Mother is doing fine. You made a good decision to move back here. I'm so sorry you didn't get to experience it. She has reconnected with some old friends and have made some new ones. And she still keeps in touch with your old neighbors. She cries sometimes, especially when she goes to church. It's hard to see your Mother cry. But you know all about that.

We saw your brothers this Friday. Watched the play that might be the last one Henric does. He looked just like you on the stage. We saw that, both Mother and I. We talked about the decline of the Linnea. And we showed them the stone we got for you and Magnus. I hope you like it.

I know you were worried about my trip to Uganda. But I think that you got the message that I made a safe return. We never had the chance to really talk after that. You started your own journey, and we were not meant to come along.

I'm sorry I smashed your car. Although I know you would never yell at me or call me a bad driver. You'd only be happy I was still alive. I tried to save the sticker I got for you in Kivik, the one saying "Real men don't eat bananas, buy Swedish fruit!". It was difficult to make you happy the last years, but I know from Mother that you really liked this one. But it was stuck.

I think you'd have liked the new car we bought. A really small one. A black KIA. The kind you said was going to be your next car. You always made plans for the future. You did not go gentle.


Things To Remember

I admit. I'm a hoarder. The older I get, the more I keep on to things rather than throwing or giving them away. I also very much like my things. Not because they have any greater monetary value, but because they help me remember.

I've made several trips to Bangkok and every time I use one of the silk shawls I bought there, I remember how the breakfast mango tasted, I hear the roar from the traffic on Sukhumvit road, I feel the smoke from the fires at the temple yards in my nose and eyes, and I sense the warming sun on my skin.
From ITP I2W Bangkok 2009

Things also help me remember people. I keep my travel stuff in a black chest of drawers that once belonged to my father's aunt Bertha. She was a nurse, biking to her patients all over Småland, but also very active in helping the poor. When my father Göran went to school in Alvesta, he stayed with her and he was always very fond of her. 

Here I also keep the violet perfume flacon my mother's father Gösta gave to my grandmother Gudrun on Christmas Eve 1933 on their way back from Australia. There he transformed the stuffy Swedish church in Melbourne into a vibrant community with lots of activities for young people, a concept he took with him back to Sweden. Gudrun worked as cantor when she didn't run the vicarage. She made trousers for her daughters to wear, something of a revolution in the 1940's in rural Öland.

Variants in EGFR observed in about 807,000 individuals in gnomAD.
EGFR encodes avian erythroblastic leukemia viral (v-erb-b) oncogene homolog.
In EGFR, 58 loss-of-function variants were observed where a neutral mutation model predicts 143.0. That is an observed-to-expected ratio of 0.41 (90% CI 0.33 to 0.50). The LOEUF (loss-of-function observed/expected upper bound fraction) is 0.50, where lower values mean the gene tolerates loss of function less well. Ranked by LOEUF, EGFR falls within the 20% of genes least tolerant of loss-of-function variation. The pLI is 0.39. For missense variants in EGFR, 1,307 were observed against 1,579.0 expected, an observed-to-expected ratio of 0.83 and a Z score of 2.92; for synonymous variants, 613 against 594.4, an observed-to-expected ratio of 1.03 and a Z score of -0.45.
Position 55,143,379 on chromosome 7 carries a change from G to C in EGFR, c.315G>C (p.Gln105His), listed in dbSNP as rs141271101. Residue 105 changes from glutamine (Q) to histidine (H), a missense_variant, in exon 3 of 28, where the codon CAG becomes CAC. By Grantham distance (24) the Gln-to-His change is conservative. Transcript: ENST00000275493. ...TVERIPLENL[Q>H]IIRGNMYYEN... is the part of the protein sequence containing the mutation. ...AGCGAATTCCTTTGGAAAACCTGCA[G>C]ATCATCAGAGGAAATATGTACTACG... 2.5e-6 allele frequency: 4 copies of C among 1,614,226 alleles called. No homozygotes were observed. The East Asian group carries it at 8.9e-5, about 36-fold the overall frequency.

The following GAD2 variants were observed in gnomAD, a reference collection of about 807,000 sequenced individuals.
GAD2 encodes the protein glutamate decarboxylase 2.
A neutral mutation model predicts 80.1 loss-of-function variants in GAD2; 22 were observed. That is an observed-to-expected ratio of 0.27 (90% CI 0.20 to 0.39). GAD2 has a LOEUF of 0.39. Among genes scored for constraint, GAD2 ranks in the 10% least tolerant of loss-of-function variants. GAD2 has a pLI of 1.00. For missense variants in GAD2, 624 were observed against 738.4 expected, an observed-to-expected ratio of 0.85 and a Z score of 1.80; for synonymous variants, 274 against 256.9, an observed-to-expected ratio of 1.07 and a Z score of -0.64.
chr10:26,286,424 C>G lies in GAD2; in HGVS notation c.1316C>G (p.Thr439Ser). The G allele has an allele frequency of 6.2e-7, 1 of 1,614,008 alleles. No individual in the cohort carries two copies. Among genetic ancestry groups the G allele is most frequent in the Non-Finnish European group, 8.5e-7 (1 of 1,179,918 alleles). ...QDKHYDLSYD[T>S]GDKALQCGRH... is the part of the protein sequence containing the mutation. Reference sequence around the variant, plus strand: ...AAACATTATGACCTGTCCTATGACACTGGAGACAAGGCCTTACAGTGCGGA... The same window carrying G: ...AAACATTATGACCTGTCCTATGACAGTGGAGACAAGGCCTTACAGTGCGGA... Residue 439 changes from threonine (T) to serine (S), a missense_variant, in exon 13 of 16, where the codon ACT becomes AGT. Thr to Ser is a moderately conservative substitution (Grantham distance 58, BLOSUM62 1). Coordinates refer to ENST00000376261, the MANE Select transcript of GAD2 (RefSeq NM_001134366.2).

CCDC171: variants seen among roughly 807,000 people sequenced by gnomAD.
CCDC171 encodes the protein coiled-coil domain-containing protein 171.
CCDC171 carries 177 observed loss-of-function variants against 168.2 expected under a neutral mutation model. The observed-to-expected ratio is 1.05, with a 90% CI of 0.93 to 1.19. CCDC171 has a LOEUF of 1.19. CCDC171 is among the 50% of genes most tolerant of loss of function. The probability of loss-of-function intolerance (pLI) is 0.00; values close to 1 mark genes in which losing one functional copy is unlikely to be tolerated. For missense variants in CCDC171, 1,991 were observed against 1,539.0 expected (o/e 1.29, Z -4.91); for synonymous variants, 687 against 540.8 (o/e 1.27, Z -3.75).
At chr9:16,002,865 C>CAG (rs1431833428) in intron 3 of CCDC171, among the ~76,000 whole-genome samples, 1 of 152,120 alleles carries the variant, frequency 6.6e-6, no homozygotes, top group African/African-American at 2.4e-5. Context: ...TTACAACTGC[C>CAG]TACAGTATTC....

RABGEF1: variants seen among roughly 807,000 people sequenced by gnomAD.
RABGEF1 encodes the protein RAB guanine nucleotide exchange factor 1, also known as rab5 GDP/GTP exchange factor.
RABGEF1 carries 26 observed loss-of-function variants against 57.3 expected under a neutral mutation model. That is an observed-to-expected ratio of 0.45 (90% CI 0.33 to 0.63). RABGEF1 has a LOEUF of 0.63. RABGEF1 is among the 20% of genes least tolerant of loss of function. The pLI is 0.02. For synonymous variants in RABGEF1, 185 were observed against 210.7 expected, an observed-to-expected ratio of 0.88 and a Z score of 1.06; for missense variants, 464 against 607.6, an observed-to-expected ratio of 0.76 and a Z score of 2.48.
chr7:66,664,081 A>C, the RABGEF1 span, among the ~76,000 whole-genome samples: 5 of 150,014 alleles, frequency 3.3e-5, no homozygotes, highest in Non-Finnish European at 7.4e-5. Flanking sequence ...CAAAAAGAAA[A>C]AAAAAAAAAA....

Not far from the sturdy chest of drawers stands a special shelf for sheets of music, simple yet rather elegant. It stood beside an old black piano that my father's mother Edith used to play. You can see and hear her play, 94 years old, at the end of Katarina Dunér's program on Swedish Houses. Edith loved reading and was always keen on learning. When her oldest son, my uncle Olle, started painting she wanted to try it herself. One of her still life paintings now hangs in my kitchen.

I've also kept a beetle boot jack. As a small child, it met me in the hallway to the teachers' house in Mistelås where my father's parents lived. Edith taught the small children and Martin the older ones. He was also very active in developing the community, initiating building a sauna at the stream and supporting the local football team. 
My parents got engaged at the football field, deep in the woods. It was my father who insisted on marriage. My mother Sigrun thought it wasn't that necessary, but he persisted, and they were married for more than 50 years. She now wears the ring she gave him in a necklace, where it encircles a small heart of gold.
Today we celebrate All Saints Day in Sweden. Although we have sadly imported the commercial American Halloween tradition to some extent, this is very much a time when we gather to remember and celebrate the dear ones who've passed away. Candles are lit at the churchyards and graves are decorated with fir tree branches and cones.